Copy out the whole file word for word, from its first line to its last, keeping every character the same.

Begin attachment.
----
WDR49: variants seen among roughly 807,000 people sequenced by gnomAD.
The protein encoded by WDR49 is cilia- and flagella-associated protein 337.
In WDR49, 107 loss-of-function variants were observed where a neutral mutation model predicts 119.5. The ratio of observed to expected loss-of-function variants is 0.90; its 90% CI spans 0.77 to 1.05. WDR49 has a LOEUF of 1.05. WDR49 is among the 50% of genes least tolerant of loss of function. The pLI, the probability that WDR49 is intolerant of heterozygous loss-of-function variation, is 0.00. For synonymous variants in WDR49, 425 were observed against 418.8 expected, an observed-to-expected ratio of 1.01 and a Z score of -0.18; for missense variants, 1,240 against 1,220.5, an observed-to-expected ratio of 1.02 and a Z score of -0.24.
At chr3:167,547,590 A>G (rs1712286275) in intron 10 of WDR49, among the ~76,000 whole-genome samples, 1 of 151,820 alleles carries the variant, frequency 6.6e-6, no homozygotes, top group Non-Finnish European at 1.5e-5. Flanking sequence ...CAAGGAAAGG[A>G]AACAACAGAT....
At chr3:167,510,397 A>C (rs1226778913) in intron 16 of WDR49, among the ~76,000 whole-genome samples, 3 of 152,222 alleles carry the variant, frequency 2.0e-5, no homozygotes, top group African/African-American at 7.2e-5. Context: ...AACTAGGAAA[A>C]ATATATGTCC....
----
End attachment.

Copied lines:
WDR49: variants seen among roughly 807,000 people sequenced by gnomAD.
The protein encoded by WDR49 is cilia- and flagella-associated protein 337.
In WDR49, 107 loss-of-function variants were observed where a neutral mutation model predicts 119.5. The ratio of observed to expected loss-of-function variants is 0.90; its 90% CI spans 0.77 to 1.05. WDR49 has a LOEUF of 1.05. WDR49 is among the 50% of genes least tolerant of loss of function. The pLI, the probability that WDR49 is intolerant of heterozygous loss-of-function variation, is 0.00. For synonymous variants in WDR49, 425 were observed against 418.8 expected, an observed-to-expected ratio of 1.01 and a Z score of -0.18; for missense variants, 1,240 against 1,220.5, an observed-to-expected ratio of 1.02 and a Z score of -0.24.
At chr3:167,547,590 A>G (rs1712286275) in intron 10 of WDR49, among the ~76,000 whole-genome samples, 1 of 151,820 alleles carries the variant, frequency 6.6e-6, no homozygotes, top group Non-Finnish European at 1.5e-5. Flanking sequence ...CAAGGAAAGG[A>G]AACAACAGAT....
At chr3:167,510,397 A>C (rs1226778913) in intron 16 of WDR49, among the ~76,000 whole-genome samples, 3 of 152,222 alleles carry the variant, frequency 2.0e-5, no homozygotes, top group African/African-American at 7.2e-5. Context: ...AACTAGGAAA[A>C]ATATATGTCC....